Of course, we don’t just lose time at home, we waste time at work too. OrganizedWorld.com says the average office employee spends 1.5 hours a day (6 weeks per year) looking for things. Typical executives waste 150 hours a year (almost a month!) searching for lost information according to Forbes ASAP.
Think about those stats. Can you remember the last time you were looking for something?
I sure can. In fact, it was this morning. My son and I had to search the house to find his school shoes because he didn’t put them where they belong. Even though we have systems in place, kids don’t always follow them. I don’t always follow them!
The fact is, when we are fallible human beings. We can be forgetful. There are seasons of life that are so busy that we simply can’t remember where we put something. Items fall out of bags. Family members will move items to the wrong area.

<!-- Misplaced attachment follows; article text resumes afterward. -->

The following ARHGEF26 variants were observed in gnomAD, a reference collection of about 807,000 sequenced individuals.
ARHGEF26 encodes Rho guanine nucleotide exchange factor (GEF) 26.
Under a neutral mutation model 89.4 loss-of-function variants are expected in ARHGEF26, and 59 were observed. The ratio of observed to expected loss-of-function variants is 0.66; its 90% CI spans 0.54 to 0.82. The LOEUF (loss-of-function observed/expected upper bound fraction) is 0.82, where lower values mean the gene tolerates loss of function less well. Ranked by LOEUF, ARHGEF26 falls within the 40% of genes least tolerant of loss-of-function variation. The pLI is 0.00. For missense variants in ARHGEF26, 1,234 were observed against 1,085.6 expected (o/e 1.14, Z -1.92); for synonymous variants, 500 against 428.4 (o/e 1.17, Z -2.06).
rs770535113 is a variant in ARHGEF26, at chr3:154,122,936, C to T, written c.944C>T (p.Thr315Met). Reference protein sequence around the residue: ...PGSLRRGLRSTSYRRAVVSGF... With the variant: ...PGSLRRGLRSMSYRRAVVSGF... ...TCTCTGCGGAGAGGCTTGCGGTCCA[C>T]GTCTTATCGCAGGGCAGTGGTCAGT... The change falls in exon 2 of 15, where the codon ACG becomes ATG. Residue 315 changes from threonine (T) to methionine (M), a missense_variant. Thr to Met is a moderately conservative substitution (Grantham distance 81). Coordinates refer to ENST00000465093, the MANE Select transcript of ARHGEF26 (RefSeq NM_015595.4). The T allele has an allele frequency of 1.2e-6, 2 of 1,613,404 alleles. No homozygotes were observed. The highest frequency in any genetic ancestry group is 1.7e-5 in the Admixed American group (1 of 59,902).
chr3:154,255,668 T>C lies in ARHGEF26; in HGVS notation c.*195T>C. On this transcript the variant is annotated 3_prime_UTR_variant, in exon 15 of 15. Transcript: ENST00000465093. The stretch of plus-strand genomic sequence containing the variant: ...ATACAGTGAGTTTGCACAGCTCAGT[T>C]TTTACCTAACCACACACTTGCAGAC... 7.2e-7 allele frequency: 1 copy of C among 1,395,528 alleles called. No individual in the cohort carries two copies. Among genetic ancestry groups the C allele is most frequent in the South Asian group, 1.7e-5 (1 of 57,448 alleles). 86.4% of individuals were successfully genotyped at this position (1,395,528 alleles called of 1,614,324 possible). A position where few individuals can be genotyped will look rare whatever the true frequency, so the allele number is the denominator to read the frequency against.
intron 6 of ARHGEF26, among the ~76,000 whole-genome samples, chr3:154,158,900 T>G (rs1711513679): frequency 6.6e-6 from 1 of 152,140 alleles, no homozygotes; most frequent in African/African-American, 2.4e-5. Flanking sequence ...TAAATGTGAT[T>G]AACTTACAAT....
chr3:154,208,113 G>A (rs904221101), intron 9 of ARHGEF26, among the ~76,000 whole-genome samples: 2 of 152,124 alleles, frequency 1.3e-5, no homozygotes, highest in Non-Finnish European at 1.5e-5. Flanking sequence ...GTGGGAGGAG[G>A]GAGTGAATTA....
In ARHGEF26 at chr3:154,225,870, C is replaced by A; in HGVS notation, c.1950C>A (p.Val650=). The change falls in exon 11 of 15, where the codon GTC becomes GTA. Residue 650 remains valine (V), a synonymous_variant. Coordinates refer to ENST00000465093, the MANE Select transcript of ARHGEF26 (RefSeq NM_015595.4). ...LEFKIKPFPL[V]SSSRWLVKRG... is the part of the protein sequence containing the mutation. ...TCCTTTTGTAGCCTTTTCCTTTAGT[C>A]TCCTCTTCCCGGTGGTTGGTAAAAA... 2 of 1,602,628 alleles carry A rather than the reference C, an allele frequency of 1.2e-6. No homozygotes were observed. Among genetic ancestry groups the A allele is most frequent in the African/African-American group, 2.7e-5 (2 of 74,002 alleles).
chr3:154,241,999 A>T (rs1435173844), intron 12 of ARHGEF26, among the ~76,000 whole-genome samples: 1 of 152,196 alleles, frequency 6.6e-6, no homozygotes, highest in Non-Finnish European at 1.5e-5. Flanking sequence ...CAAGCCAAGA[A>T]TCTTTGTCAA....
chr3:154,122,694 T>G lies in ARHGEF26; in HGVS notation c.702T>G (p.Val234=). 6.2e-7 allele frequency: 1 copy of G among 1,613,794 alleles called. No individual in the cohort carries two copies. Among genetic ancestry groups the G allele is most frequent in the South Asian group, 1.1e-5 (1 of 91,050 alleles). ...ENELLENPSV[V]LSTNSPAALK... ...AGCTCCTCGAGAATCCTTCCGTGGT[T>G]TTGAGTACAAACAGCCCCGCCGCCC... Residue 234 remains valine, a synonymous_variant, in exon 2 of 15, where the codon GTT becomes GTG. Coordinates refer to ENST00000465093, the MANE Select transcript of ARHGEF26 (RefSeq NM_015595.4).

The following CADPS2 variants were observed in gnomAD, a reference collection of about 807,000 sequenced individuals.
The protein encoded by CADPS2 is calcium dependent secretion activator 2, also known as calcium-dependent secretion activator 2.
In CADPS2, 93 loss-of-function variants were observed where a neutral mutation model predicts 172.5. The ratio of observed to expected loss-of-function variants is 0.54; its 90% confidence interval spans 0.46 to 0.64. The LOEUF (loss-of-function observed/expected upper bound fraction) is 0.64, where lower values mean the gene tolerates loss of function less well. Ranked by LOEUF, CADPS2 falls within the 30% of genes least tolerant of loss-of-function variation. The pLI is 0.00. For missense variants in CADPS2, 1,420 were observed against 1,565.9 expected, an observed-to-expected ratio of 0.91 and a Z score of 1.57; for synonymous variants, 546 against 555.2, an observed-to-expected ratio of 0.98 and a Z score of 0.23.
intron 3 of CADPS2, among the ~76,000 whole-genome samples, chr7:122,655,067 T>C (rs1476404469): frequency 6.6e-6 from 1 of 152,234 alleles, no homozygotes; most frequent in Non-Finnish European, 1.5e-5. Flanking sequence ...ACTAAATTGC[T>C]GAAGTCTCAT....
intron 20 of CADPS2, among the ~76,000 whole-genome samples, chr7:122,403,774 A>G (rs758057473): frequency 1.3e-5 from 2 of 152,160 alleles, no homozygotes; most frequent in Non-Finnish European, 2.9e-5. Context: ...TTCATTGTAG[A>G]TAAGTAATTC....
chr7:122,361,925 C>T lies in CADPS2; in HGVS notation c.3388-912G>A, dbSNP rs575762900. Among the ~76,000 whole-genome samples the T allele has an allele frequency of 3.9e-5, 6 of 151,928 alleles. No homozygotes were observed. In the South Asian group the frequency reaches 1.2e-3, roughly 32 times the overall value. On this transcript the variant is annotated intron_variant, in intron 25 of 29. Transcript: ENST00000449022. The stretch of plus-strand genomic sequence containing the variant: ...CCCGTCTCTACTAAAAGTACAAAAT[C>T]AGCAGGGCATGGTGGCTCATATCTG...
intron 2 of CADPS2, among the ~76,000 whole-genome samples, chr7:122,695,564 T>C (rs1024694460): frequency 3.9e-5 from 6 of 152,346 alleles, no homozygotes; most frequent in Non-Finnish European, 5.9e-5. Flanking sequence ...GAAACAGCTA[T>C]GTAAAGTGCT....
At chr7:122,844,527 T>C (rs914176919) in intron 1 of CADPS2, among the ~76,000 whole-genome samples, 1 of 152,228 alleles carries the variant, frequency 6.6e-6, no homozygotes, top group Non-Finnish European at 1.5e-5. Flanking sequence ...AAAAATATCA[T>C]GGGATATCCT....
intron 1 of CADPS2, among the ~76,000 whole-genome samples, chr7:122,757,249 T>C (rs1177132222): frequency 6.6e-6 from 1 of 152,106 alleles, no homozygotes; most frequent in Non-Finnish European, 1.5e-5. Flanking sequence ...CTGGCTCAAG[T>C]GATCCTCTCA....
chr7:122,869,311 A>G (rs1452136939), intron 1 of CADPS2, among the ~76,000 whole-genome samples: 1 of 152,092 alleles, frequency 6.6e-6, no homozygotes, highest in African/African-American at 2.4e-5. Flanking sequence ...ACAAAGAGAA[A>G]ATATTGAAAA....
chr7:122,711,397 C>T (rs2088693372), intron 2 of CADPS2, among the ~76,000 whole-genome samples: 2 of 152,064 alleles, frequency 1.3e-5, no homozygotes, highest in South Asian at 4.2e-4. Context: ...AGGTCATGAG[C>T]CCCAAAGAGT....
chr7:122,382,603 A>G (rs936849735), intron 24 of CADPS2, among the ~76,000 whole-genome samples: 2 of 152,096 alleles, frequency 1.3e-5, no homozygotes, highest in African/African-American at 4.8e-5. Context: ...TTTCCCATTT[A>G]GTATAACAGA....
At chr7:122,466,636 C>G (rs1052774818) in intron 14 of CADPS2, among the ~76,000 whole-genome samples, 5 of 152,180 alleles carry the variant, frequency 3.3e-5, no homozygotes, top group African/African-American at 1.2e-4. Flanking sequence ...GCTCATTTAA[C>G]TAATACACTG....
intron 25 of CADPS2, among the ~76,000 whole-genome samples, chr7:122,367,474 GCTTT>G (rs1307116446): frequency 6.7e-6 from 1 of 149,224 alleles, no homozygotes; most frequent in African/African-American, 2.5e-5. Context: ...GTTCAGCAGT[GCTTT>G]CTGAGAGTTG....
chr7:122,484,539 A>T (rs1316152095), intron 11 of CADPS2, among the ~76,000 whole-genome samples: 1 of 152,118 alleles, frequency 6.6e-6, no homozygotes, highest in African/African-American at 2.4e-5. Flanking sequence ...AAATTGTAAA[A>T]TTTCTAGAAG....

Thankfully, there are systems we can put in place and processes we can follow that make searching for lost items the exception rather than the rule.
The fears we have when it comes to letting go of perfectly good items are legit. We paid hard-earned money for those items. We obviously thought they would be useful when we purchased them.
1. You don’t waste time looking for items because they all have a home.
Specifically, each item you own has a streamlined, roomy, organized home.
- Your clothes are no longer crammed in a closet.
- There aren’t documents all of your desktop.
- You don’t have a pantry full of items you can’t even see.
- You don’t have unused appliances in your kitchen.
- You don’t have a stockpile of decade old toiletries clogging up your bathroom cabinets.
- Your kids don’t have an insane amount of toys spread all over the house.
- Your email isn’t full of unread newsletters that you want to read someday (but actually never will).
AND…each item you own is useful and purposeful.